Jalan Panel bats for lowering of RBI reserves

The panel’s recommendations will balance the issue of growth and monetary function.

BCCL
RBI gave a record interim dividend of Rs 28,000 cr to the government after Shaktikanta Das took over.
The new government that takes office post May 23 is set to be pleasantly surprised. Sources told ETNow that the Bimal Jalan panel, reviewing the economic capital framework, is likely to recommend lowering of RBI reserves.

The amount of reserves the central bank can keep was a contentious issue between the government and RBI, which les to the stepping down of former RBI governor Urjit Patel in December last year.

“The panel’s recommendations will balance the issue of growth and monetary function. It will look at the way reserves were used during the Asian Crisis of 1997 and the Lehman Crisis of 2008,” sources in the know of the development said.


The Jalan panel will submit its report by June and could recommend transferring the reserves to the central government over a course of 4-5 years.

“Any central bank has to come up with a consensus on what is the optimum level of reserves and transfer the rest to the central government over a period. Immediate transfer could be inflationary in nature,” the source said.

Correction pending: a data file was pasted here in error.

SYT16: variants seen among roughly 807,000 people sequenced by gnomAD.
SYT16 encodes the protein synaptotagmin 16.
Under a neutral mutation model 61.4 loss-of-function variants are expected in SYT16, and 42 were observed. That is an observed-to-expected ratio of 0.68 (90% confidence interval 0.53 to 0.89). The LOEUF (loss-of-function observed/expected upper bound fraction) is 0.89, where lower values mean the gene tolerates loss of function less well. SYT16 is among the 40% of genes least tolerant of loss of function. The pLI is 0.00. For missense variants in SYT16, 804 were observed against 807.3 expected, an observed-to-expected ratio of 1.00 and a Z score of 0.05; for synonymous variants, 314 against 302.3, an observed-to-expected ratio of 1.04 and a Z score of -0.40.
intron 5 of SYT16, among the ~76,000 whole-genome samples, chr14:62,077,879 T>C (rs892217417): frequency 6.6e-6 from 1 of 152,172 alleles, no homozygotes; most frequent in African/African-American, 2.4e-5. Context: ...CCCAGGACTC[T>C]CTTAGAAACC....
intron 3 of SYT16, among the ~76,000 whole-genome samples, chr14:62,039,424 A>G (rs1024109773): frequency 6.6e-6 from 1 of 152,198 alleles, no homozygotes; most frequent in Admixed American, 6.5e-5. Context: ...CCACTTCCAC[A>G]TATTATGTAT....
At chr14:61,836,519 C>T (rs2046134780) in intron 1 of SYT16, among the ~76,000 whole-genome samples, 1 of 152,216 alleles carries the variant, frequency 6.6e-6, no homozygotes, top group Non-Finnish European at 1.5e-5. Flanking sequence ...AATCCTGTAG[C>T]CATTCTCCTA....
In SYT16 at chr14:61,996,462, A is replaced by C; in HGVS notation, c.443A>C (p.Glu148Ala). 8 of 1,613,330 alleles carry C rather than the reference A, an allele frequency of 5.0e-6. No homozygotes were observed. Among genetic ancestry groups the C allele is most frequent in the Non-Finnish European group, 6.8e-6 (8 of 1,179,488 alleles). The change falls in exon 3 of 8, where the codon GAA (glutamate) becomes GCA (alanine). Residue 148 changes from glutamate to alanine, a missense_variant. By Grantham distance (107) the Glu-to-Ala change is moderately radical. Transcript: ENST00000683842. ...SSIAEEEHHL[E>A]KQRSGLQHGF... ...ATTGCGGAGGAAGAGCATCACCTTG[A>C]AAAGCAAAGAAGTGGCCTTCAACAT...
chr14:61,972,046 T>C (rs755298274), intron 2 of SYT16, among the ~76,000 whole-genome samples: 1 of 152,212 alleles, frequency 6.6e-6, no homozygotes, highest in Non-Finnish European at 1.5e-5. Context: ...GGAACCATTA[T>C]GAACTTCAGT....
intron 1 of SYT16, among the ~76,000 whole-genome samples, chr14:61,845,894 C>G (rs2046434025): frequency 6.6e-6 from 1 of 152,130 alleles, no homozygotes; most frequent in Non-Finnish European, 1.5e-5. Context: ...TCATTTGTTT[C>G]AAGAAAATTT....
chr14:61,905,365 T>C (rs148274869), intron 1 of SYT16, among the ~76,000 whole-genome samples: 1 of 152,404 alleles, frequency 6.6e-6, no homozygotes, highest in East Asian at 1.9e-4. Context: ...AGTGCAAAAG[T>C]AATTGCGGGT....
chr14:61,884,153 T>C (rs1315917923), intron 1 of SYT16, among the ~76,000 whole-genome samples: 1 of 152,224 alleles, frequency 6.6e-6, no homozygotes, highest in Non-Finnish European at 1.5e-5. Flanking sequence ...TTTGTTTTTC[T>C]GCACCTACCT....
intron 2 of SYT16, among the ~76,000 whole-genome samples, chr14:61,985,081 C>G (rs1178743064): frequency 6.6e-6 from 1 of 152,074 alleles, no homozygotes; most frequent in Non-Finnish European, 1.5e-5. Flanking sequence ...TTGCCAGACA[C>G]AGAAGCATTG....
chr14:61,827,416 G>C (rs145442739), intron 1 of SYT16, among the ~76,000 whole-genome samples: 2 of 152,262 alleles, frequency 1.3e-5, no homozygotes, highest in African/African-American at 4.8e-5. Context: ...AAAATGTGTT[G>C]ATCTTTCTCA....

“As long as the recommendations are prospective in nature and not retrospective, the consequences of the recommendations of the Jalan panel should not be too difficult to handle. Any transfer of reserves that is prospective will not rock the boat as far as the economy is concerned but transfer of reserves on retrospective basis would mean shrinking of RBIs balance sheet could have grave impact on the economy,” said ET Now’s Consulting Editor Mythili Bhusnurmath.
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At a time when growth is sputtering, consumption is weak and extravagant promises have been made by political parties this election season, higher funds from central bank could aid the government’s finances.

RBI gave a record interim dividend of Rs 28,000 cr to the government after Shaktikanta Das took over after a public standoff over RBI's independence led to a change at the top of the central bank.

"The panel was set up as discussion on the reserve issue has been pending for years. We are not saying give the funds to us and we will tell you how should the funds be used, but discussions on monetary and fiscal issues are important," the second official said.
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